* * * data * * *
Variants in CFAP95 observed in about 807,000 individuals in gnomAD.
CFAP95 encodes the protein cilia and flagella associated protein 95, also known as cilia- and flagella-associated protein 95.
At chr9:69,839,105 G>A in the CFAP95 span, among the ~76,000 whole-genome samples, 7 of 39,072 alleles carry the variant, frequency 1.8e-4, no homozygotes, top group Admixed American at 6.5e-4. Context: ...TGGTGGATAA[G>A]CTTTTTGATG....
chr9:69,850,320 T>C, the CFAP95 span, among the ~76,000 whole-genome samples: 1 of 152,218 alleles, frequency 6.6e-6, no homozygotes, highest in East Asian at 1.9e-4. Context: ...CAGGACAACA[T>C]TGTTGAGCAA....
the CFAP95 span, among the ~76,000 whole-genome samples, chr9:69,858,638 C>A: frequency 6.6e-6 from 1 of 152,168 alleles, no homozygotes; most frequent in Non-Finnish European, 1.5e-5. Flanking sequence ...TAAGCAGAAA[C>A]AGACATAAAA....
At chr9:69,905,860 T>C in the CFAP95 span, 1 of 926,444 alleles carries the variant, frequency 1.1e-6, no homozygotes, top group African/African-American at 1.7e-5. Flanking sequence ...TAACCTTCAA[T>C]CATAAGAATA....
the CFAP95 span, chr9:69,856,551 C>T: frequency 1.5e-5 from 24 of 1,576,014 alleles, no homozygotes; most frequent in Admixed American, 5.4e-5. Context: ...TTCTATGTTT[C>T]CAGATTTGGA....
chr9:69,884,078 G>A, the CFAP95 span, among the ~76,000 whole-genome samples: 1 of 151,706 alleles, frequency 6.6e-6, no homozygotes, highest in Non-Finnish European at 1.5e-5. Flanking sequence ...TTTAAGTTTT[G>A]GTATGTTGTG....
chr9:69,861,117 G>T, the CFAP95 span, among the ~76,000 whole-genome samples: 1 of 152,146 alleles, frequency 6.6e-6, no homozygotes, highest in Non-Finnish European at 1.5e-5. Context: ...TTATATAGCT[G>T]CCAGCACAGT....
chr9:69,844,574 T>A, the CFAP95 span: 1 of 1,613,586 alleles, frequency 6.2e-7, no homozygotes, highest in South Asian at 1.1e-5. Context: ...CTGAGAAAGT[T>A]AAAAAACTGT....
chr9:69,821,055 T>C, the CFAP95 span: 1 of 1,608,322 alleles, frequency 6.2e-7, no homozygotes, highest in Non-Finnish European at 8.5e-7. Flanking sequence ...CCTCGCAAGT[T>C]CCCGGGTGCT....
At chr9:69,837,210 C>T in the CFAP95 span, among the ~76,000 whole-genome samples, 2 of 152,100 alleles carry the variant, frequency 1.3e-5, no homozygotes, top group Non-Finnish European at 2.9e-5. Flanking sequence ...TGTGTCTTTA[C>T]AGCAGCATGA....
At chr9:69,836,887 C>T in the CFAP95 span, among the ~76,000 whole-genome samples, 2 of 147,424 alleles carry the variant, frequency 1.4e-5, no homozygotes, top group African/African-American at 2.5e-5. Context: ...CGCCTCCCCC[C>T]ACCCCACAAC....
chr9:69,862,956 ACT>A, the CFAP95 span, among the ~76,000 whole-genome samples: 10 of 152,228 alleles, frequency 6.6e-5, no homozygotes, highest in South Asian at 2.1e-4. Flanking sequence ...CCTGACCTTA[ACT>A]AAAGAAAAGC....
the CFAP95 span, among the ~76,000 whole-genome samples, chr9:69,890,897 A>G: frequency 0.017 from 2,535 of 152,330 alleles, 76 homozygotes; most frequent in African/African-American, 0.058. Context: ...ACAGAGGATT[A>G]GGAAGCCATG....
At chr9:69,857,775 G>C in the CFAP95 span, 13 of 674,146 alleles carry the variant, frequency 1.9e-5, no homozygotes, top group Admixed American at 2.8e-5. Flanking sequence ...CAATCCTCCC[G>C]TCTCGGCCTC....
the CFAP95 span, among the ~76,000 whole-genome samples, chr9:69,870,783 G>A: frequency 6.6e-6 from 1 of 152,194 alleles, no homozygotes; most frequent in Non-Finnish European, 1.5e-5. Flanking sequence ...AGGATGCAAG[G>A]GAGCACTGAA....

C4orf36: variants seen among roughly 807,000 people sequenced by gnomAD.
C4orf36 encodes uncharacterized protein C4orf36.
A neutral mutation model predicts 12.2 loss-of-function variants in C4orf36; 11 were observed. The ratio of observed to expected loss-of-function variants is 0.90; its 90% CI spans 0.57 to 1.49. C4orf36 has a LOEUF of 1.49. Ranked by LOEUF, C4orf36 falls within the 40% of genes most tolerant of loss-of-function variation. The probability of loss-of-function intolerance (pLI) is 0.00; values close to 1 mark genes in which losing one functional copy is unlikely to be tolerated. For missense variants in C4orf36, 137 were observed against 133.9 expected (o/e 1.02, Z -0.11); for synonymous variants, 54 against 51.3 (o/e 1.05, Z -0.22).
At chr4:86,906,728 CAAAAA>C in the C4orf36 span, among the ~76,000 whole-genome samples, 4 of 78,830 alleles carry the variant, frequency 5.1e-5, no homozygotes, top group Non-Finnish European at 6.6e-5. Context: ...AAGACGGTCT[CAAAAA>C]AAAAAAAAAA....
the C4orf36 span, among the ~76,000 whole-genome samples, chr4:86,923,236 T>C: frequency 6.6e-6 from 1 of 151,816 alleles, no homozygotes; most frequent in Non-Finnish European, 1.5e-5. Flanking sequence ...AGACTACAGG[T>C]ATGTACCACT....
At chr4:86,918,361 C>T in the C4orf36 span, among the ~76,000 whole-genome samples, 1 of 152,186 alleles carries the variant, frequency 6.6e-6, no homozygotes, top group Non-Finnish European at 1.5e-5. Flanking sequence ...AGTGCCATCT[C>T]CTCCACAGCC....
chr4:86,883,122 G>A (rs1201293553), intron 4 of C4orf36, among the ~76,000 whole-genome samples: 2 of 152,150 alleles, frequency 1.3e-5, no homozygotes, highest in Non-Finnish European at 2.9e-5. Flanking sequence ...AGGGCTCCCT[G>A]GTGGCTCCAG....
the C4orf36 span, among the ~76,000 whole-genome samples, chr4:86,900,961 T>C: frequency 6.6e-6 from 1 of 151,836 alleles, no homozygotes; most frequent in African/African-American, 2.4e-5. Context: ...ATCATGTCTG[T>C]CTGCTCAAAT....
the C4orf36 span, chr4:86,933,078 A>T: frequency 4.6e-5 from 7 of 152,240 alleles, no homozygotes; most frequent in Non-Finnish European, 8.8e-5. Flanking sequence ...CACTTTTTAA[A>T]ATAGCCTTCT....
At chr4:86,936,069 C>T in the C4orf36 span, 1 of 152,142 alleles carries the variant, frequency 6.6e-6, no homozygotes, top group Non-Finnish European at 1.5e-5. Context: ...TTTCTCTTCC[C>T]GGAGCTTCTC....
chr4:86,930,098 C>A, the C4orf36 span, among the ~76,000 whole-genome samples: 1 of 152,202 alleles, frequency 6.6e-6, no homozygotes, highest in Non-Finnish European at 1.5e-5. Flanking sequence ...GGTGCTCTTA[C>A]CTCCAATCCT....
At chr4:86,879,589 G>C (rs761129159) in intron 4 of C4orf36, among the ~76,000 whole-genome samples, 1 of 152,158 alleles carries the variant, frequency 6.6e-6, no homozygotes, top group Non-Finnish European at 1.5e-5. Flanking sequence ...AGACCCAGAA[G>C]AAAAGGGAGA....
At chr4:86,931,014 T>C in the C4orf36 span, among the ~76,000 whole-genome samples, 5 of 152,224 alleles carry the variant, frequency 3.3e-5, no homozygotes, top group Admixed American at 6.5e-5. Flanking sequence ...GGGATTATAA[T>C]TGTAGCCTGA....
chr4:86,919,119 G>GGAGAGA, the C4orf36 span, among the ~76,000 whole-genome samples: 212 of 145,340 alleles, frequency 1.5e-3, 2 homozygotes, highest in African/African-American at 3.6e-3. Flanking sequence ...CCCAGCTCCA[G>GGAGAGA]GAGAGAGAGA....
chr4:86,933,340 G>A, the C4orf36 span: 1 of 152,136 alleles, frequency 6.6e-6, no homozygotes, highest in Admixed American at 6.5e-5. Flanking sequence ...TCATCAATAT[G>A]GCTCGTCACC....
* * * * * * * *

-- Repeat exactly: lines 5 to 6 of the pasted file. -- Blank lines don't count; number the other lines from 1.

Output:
the CFAP95 span, among the ~76,000 whole-genome samples, chr9:69,858,638 C>A: frequency 6.6e-6 from 1 of 152,168 alleles, no homozygotes; most frequent in Non-Finnish European, 1.5e-5. Flanking sequence ...TAAGCAGAAA[C>A]AGACATAAAA....
At chr9:69,905,860 T>C in the CFAP95 span, 1 of 926,444 alleles carries the variant, frequency 1.1e-6, no homozygotes, top group African/African-American at 1.7e-5. Flanking sequence ...TAACCTTCAA[T>C]CATAAGAATA....